Assessment of threat
FBI Special Agent Robert Sawyer initially said there was probable cause to believe the trio were conspiring to kill Obama, based on searches of their hotel rooms and cars.[12] However, United States Attorney Troy Eid said the racist statements the suspects made following their arrests had not risen to the legal standard that would have allowed the filing of federal charges for threatening a

3

From Wikipedia, the free encyclopedia
as Obama had usually declined discussing death threats against him in the past since entering the presidential race.[5] "We’re absolutely confident that the meth heads were not a true threat to the candidate, the Democratic National Convention or the people of Colorado." —U.S. Attorney Troy Eid[9] Although officials downplayed the level of threat the trio presented to Obama, they said they planned further investigations into how a gang of supposedly small-time criminals collected such a massive arsenal.[6][10] Authorities believed the men had at least some white supremacist involvement,[3][7][10] although experts at the Southern Poverty Law Center, which tracks the radical right, said no evidence exists linking any of them to a white supremacist group.[7] Nevertheless, the possible connections prompted FBI officials, who originally considered the threat "relatively minor,"[7] to develop stronger concerns about whether the motives from the three plotters could have been connected to a larger organization.[7] The FBI stated that with an African American candidate for President "...you are certainly going to look at the general threat picture against any candidate and factor in the threats posed by those who preach hate and racism."[7] Dr. William Boone, political science professor at Clark Atlanta University, said drug influence should not have been cause for prosecutors to dismiss the threat, and that drugs have historically caused criminals to follow through with such crimes and schemes. Boone said, "The whole idea of just dismissing it as not credible is incredible. ... It’s surprising given the whole history of crime and drug use in the United States."[19]

2008 Barack Obama assassination scare in Denver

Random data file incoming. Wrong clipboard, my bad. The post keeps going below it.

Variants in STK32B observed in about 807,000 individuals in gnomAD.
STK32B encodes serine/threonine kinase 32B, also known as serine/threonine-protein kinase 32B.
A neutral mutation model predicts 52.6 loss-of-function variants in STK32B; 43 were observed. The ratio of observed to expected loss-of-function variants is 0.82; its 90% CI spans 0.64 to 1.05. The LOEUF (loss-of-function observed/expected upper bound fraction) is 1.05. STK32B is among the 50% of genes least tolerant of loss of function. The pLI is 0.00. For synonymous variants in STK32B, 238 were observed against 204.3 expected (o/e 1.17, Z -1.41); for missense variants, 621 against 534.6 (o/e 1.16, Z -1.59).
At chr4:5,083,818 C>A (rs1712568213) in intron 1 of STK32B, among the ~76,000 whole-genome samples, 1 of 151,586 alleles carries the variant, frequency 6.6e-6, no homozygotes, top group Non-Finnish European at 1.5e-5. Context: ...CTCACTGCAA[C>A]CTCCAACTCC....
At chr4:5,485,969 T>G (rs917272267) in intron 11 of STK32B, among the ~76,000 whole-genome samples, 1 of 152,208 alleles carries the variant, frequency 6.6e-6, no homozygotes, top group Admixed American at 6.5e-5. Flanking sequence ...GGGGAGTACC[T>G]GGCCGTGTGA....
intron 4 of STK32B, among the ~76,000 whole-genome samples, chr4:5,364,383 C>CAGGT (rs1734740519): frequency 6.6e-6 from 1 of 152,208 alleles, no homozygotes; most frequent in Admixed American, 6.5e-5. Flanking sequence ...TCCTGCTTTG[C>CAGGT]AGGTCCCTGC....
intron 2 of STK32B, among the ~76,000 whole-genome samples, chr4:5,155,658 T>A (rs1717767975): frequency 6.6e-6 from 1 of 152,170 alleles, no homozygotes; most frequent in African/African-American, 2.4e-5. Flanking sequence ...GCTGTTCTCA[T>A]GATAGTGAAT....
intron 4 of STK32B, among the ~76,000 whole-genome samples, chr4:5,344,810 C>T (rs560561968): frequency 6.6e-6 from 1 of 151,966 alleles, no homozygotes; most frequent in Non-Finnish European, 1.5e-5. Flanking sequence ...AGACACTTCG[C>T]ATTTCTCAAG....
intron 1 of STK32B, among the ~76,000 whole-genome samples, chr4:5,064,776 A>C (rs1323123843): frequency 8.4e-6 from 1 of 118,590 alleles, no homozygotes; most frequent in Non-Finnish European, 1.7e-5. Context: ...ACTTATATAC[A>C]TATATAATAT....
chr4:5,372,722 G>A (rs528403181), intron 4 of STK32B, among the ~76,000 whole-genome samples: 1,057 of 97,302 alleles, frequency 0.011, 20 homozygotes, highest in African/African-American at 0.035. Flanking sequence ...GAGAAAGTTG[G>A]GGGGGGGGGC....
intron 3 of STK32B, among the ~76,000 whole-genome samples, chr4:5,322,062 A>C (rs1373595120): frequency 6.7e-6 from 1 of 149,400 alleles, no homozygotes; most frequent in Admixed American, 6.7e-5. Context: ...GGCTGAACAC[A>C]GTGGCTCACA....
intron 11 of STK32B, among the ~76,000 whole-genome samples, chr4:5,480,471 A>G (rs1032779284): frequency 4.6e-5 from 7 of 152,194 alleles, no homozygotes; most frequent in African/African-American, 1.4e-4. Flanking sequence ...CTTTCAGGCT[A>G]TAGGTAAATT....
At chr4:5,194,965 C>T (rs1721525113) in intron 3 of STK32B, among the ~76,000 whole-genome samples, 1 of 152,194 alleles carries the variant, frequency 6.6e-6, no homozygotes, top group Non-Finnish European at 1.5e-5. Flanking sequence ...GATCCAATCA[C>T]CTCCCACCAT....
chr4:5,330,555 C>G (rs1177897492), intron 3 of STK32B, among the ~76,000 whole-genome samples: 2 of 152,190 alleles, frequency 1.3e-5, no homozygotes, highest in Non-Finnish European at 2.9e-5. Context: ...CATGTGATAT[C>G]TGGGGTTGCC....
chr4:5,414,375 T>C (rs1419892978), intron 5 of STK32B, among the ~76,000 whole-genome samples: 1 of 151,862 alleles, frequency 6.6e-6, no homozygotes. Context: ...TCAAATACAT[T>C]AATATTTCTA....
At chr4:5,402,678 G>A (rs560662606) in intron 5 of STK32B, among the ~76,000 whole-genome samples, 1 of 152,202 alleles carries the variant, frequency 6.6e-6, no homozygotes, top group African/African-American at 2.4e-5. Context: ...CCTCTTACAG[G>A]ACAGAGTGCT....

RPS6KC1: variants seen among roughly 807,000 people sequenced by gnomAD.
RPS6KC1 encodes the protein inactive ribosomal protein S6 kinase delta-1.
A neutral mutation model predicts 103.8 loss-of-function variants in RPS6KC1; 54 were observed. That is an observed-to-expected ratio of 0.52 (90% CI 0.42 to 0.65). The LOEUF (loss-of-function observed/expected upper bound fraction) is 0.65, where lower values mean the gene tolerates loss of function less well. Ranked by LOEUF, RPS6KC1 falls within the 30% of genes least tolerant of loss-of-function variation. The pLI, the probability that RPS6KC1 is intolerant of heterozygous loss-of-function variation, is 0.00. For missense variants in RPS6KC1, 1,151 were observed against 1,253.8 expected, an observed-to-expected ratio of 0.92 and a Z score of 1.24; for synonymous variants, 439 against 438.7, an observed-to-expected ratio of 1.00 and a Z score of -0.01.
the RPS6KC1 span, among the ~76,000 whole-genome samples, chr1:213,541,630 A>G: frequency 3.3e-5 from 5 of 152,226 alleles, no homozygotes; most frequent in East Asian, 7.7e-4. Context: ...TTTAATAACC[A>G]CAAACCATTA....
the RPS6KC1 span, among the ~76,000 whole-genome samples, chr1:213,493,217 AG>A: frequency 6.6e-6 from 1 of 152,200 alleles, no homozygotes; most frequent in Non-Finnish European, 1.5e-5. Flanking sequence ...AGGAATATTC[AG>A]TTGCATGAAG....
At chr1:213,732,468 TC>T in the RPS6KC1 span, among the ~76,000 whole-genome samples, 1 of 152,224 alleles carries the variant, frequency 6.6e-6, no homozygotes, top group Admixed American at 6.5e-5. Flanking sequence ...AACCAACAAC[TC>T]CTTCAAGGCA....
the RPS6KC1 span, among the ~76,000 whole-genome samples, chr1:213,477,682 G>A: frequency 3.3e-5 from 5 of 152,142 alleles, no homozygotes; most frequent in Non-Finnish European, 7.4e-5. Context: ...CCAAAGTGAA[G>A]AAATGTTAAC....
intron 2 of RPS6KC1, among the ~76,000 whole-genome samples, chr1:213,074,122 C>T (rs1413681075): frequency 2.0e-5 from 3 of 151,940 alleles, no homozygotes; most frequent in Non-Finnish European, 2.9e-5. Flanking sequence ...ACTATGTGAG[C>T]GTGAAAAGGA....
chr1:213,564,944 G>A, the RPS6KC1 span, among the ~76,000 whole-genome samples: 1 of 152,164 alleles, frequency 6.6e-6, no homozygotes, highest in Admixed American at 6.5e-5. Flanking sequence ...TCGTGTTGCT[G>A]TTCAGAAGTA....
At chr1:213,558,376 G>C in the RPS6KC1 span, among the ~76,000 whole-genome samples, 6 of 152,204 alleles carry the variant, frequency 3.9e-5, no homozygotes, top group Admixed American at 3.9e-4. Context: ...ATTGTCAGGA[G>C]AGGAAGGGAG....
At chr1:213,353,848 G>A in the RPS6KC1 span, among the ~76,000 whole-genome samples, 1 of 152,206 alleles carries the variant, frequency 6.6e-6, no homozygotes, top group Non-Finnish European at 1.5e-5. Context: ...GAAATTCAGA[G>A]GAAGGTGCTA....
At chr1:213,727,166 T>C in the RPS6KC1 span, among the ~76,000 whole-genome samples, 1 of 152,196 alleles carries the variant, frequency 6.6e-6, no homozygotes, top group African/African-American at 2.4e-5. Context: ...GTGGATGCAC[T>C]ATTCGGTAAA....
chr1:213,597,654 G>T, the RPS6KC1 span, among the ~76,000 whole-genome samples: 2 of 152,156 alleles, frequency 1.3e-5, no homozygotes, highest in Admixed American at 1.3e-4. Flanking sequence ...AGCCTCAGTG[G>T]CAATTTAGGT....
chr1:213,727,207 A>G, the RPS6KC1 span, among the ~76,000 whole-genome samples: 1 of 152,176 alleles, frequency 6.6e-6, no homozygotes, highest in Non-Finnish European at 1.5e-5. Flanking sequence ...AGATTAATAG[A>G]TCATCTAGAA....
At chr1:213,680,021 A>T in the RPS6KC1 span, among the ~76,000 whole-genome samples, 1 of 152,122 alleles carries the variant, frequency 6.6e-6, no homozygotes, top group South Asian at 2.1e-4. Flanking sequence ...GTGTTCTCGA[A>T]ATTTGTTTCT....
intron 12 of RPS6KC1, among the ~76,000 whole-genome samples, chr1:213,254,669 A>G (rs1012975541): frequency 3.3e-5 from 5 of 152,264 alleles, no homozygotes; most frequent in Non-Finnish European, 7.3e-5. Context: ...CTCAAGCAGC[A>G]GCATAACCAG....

from a Hertz rental car shot on August 15 could have matched the guns seized from the men.[3] Shawn Adolf, a Greeley, Colorado resident,[20] is the only one of the three alleged plotters with any previous history of violence.[7] Adolf was arrested on May 14, 1997 for his involvement in a theft of $350,000-worth of construction equipment, materials and vehicles in Greeley.[20] He served prison time starting in 1997 on drug-related charges[10] and faced two third-degree assault charges in 2001.[7] At the time of his arrest for the alleged assassination plot, he had eight warrants out for him for various crimes around Colorado,[10] including one for skipping out on a $1 million bond.[8] He was on the most-wanted list of the Weld County, Colorado sheriff’s department for burglary, larceny, aggravated motor vehicle theft and other prior charges.[3] Adolf possessed a handcuff key on one hand and a swastika ring on the other when he was arrested for the alleged assassination plot.[3] His criminal history also included burglary, forgery, drug and weapon charges.[10] Vicki Harbert, an investigator with the Weld County Sheriff’s Department, had been pursuing Adolf since 2006 and feared he would eventually kill a police officer; she said of Adolf after his 2008 arrest, "I’ve been a cop for 18 years and he was not your typical bad guy."[8] Tharin Gartrell is a professional club-music disc jockey[10] originally from Lincoln County, Nevada.[21] He lived in Pioche, Nevada until the 1990s,[15] when he moved to another rural Nevada town with his father,[3] Carl "Flash" Gartrell,[21] a journeyman ranch hand and heavy equipment operator. Carl Gartrell has a history of multiple drugand alcohol-related arrests and in August 2008 had a warrant out for his arrest in Lincoln County.[21] Tharin Gartrell, who had no known address at the time of his arrest, was run over by a truck as a child and, according to Lincoln County, Colorado Sheriff Kerry Lee, "it was absolutely amazing that he wasn’t hurt badly."[3] As a teen, Gartrell tried to enroll at a high school about 80 miles north of Las Vegas, but instead attended a Colorado high school and experienced significant disciplinary action problems. He was told he would have to enroll in an alternative school, but never did.[3] Friends said Gartrell had been on probation for drugs and had been straight for several years, but fell off

Histories of alleged plotters
After their arrest, law enforcement officials investigated whether Shawn Adolf, Tharin Gartrell and Nathan Johnson were linked to vandalism shootings that targeted at least two federal buildings in Denver two weeks prior to their arrest. Windows were shot at the U.S. Custom House and the U.S. Military Entrance Processing Station in Denver’s downtown Federal District. Authorities were also studying whether a bullet recovered

4

From Wikipedia, the free encyclopedia
the wagon and started spending time with Adolf in mid-August 2008.[8] Like Adolf, Gartrell and Johnson had a criminal history involving burglary, forgery, drug and weapon charges.[10] Tharin is registered with the Republican Party in Colorado.[21]

2008 Barack Obama assassination scare in Denver